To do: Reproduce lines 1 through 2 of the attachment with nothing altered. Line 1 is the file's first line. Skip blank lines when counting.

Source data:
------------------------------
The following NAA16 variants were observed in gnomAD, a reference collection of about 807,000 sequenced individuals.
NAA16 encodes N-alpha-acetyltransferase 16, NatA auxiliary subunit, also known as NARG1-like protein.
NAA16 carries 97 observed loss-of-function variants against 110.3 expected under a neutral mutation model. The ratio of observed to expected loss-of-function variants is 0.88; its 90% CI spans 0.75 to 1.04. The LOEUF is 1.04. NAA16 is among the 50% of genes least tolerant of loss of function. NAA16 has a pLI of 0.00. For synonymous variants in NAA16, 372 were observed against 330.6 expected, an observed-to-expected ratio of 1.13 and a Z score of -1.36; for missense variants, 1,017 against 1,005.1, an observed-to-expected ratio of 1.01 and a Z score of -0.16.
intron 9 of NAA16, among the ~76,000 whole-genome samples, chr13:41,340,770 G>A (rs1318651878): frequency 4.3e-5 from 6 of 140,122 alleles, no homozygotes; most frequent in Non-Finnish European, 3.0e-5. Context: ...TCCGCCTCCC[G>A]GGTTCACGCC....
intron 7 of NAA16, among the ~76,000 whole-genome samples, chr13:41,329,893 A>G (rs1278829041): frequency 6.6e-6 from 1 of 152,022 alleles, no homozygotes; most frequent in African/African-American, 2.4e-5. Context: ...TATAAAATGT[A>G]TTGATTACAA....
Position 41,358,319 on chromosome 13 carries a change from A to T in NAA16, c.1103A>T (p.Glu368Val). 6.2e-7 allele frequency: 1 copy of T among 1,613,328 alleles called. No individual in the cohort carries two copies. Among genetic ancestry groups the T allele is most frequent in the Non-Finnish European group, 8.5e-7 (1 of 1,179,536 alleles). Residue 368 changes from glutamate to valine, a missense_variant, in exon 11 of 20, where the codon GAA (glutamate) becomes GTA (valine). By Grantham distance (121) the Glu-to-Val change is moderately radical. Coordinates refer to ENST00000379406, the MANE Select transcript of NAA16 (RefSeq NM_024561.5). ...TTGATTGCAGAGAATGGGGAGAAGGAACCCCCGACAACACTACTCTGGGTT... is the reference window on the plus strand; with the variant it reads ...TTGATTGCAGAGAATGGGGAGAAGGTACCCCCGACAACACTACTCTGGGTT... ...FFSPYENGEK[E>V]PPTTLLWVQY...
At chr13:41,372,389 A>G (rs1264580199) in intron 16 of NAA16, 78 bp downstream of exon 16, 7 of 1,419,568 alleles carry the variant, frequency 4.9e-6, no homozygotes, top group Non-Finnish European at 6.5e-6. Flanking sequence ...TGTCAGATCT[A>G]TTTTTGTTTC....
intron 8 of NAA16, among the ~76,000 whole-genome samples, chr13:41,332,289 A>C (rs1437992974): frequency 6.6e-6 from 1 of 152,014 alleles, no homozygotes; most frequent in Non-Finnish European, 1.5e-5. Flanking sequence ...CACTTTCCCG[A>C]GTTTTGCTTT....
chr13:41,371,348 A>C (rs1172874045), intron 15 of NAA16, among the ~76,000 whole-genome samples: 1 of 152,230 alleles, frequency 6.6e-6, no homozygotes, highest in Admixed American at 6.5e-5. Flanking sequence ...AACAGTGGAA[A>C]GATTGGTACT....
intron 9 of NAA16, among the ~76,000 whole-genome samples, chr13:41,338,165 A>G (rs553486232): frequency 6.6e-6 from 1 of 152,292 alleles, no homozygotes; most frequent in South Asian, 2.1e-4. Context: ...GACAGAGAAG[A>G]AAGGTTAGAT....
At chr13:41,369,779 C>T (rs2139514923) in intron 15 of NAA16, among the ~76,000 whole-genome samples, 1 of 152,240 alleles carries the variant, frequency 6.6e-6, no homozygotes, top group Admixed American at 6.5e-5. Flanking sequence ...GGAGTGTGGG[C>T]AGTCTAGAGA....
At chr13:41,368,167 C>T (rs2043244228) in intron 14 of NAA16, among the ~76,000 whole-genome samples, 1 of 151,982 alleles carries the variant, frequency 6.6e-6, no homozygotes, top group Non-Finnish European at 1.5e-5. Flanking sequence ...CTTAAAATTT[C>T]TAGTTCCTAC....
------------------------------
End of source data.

The following NAA16 variants were observed in gnomAD, a reference collection of about 807,000 sequenced individuals.
NAA16 encodes N-alpha-acetyltransferase 16, NatA auxiliary subunit, also known as NARG1-like protein.